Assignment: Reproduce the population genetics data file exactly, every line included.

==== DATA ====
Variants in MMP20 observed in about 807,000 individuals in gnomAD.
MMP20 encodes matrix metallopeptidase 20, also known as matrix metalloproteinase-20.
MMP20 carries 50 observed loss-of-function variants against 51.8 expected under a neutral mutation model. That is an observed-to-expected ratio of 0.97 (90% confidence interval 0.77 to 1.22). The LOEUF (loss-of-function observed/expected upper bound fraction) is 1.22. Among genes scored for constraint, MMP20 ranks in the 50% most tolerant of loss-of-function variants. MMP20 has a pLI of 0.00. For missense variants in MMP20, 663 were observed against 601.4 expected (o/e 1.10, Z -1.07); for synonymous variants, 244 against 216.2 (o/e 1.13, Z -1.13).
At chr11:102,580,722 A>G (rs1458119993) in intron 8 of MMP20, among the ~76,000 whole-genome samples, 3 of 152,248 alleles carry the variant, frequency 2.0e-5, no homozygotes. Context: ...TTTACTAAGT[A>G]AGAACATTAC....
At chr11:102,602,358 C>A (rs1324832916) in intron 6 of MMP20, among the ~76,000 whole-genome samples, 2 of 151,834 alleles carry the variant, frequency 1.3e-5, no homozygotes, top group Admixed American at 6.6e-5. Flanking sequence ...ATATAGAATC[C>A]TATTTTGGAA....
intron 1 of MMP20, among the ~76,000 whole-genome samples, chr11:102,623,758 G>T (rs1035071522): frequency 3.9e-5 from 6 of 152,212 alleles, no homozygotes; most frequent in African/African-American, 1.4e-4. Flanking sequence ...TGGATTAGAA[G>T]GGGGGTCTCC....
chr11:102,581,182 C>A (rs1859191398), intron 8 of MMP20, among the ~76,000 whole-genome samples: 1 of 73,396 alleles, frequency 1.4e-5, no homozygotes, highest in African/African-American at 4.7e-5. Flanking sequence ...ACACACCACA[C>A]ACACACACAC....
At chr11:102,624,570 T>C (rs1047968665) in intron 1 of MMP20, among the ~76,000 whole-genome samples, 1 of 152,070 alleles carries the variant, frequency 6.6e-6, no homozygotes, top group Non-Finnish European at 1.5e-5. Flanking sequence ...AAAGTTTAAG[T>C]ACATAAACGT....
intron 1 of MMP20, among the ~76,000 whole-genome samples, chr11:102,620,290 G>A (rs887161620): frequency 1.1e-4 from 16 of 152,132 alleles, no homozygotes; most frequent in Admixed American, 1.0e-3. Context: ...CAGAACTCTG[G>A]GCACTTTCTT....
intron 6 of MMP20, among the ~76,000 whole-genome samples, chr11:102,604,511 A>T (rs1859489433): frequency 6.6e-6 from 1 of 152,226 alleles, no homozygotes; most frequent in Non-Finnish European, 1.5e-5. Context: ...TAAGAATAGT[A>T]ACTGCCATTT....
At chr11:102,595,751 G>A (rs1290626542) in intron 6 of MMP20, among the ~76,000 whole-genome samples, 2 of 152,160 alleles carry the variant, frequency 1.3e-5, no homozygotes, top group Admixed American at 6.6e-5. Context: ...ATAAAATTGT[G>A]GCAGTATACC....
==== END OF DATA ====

Variants in MMP20 observed in about 807,000 individuals in gnomAD.
MMP20 encodes matrix metallopeptidase 20, also known as matrix metalloproteinase-20.
MMP20 carries 50 observed loss-of-function variants against 51.8 expected under a neutral mutation model. That is an observed-to-expected ratio of 0.97 (90% confidence interval 0.77 to 1.22). The LOEUF (loss-of-function observed/expected upper bound fraction) is 1.22. Among genes scored for constraint, MMP20 ranks in the 50% most tolerant of loss-of-function variants. MMP20 has a pLI of 0.00. For missense variants in MMP20, 663 were observed against 601.4 expected (o/e 1.10, Z -1.07); for synonymous variants, 244 against 216.2 (o/e 1.13, Z -1.13).
At chr11:102,580,722 A>G (rs1458119993) in intron 8 of MMP20, among the ~76,000 whole-genome samples, 3 of 152,248 alleles carry the variant, frequency 2.0e-5, no homozygotes. Context: ...TTTACTAAGT[A>G]AGAACATTAC....
At chr11:102,602,358 C>A (rs1324832916) in intron 6 of MMP20, among the ~76,000 whole-genome samples, 2 of 151,834 alleles carry the variant, frequency 1.3e-5, no homozygotes, top group Admixed American at 6.6e-5. Flanking sequence ...ATATAGAATC[C>A]TATTTTGGAA....
intron 1 of MMP20, among the ~76,000 whole-genome samples, chr11:102,623,758 G>T (rs1035071522): frequency 3.9e-5 from 6 of 152,212 alleles, no homozygotes; most frequent in African/African-American, 1.4e-4. Flanking sequence ...TGGATTAGAA[G>T]GGGGGTCTCC....
chr11:102,581,182 C>A (rs1859191398), intron 8 of MMP20, among the ~76,000 whole-genome samples: 1 of 73,396 alleles, frequency 1.4e-5, no homozygotes, highest in African/African-American at 4.7e-5. Flanking sequence ...ACACACCACA[C>A]ACACACACAC....
At chr11:102,624,570 T>C (rs1047968665) in intron 1 of MMP20, among the ~76,000 whole-genome samples, 1 of 152,070 alleles carries the variant, frequency 6.6e-6, no homozygotes, top group Non-Finnish European at 1.5e-5. Flanking sequence ...AAAGTTTAAG[T>C]ACATAAACGT....
intron 1 of MMP20, among the ~76,000 whole-genome samples, chr11:102,620,290 G>A (rs887161620): frequency 1.1e-4 from 16 of 152,132 alleles, no homozygotes; most frequent in Admixed American, 1.0e-3. Context: ...CAGAACTCTG[G>A]GCACTTTCTT....
intron 6 of MMP20, among the ~76,000 whole-genome samples, chr11:102,604,511 A>T (rs1859489433): frequency 6.6e-6 from 1 of 152,226 alleles, no homozygotes; most frequent in Non-Finnish European, 1.5e-5. Context: ...TAAGAATAGT[A>T]ACTGCCATTT....
At chr11:102,595,751 G>A (rs1290626542) in intron 6 of MMP20, among the ~76,000 whole-genome samples, 2 of 152,160 alleles carry the variant, frequency 1.3e-5, no homozygotes, top group Admixed American at 6.6e-5. Context: ...ATAAAATTGT[G>A]GCAGTATACC....